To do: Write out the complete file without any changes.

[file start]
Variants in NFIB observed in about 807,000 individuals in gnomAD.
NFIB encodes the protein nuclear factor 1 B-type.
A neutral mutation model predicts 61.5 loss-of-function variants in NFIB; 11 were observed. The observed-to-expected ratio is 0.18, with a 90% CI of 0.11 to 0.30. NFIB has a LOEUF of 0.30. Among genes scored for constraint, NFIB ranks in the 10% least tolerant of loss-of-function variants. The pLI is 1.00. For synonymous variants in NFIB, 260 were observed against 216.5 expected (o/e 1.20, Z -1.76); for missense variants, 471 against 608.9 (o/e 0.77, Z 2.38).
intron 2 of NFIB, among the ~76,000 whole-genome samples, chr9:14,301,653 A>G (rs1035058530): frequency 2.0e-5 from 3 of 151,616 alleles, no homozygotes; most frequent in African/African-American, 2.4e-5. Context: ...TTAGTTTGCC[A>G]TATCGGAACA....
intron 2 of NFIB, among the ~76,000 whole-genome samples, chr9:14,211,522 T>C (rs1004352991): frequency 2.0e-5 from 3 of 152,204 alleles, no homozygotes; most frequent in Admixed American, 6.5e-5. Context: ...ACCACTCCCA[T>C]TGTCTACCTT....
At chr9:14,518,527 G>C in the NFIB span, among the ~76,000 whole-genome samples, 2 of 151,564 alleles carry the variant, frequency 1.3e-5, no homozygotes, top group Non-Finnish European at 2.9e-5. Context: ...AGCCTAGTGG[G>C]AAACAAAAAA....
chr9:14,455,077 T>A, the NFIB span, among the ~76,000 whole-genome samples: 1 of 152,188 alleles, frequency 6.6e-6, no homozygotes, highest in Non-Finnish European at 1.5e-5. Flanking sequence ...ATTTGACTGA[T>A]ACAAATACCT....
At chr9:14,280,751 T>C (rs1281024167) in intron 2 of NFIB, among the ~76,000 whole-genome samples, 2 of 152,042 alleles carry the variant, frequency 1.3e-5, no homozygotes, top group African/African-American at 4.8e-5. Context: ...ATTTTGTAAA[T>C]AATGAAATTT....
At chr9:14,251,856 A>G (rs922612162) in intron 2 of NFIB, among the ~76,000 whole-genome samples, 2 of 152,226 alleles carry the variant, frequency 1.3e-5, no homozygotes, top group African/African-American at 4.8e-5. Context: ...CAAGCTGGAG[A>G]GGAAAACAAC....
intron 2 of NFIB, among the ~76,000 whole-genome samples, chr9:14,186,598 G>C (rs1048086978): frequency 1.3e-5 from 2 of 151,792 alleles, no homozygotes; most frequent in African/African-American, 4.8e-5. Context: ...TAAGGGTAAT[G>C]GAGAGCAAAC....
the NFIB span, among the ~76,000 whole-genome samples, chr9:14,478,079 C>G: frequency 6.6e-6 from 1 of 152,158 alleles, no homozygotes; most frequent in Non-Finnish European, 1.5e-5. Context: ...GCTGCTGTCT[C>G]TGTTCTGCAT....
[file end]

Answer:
Variants in NFIB observed in about 807,000 individuals in gnomAD.
NFIB encodes the protein nuclear factor 1 B-type.
A neutral mutation model predicts 61.5 loss-of-function variants in NFIB; 11 were observed. The observed-to-expected ratio is 0.18, with a 90% CI of 0.11 to 0.30. NFIB has a LOEUF of 0.30. Among genes scored for constraint, NFIB ranks in the 10% least tolerant of loss-of-function variants. The pLI is 1.00. For synonymous variants in NFIB, 260 were observed against 216.5 expected (o/e 1.20, Z -1.76); for missense variants, 471 against 608.9 (o/e 0.77, Z 2.38).
intron 2 of NFIB, among the ~76,000 whole-genome samples, chr9:14,301,653 A>G (rs1035058530): frequency 2.0e-5 from 3 of 151,616 alleles, no homozygotes; most frequent in African/African-American, 2.4e-5. Context: ...TTAGTTTGCC[A>G]TATCGGAACA....
intron 2 of NFIB, among the ~76,000 whole-genome samples, chr9:14,211,522 T>C (rs1004352991): frequency 2.0e-5 from 3 of 152,204 alleles, no homozygotes; most frequent in Admixed American, 6.5e-5. Context: ...ACCACTCCCA[T>C]TGTCTACCTT....
At chr9:14,518,527 G>C in the NFIB span, among the ~76,000 whole-genome samples, 2 of 151,564 alleles carry the variant, frequency 1.3e-5, no homozygotes, top group Non-Finnish European at 2.9e-5. Context: ...AGCCTAGTGG[G>C]AAACAAAAAA....
chr9:14,455,077 T>A, the NFIB span, among the ~76,000 whole-genome samples: 1 of 152,188 alleles, frequency 6.6e-6, no homozygotes, highest in Non-Finnish European at 1.5e-5. Flanking sequence ...ATTTGACTGA[T>A]ACAAATACCT....
At chr9:14,280,751 T>C (rs1281024167) in intron 2 of NFIB, among the ~76,000 whole-genome samples, 2 of 152,042 alleles carry the variant, frequency 1.3e-5, no homozygotes, top group African/African-American at 4.8e-5. Context: ...ATTTTGTAAA[T>C]AATGAAATTT....
At chr9:14,251,856 A>G (rs922612162) in intron 2 of NFIB, among the ~76,000 whole-genome samples, 2 of 152,226 alleles carry the variant, frequency 1.3e-5, no homozygotes, top group African/African-American at 4.8e-5. Context: ...CAAGCTGGAG[A>G]GGAAAACAAC....
intron 2 of NFIB, among the ~76,000 whole-genome samples, chr9:14,186,598 G>C (rs1048086978): frequency 1.3e-5 from 2 of 151,792 alleles, no homozygotes; most frequent in African/African-American, 4.8e-5. Context: ...TAAGGGTAAT[G>C]GAGAGCAAAC....
the NFIB span, among the ~76,000 whole-genome samples, chr9:14,478,079 C>G: frequency 6.6e-6 from 1 of 152,158 alleles, no homozygotes; most frequent in Non-Finnish European, 1.5e-5. Context: ...GCTGCTGTCT[C>G]TGTTCTGCAT....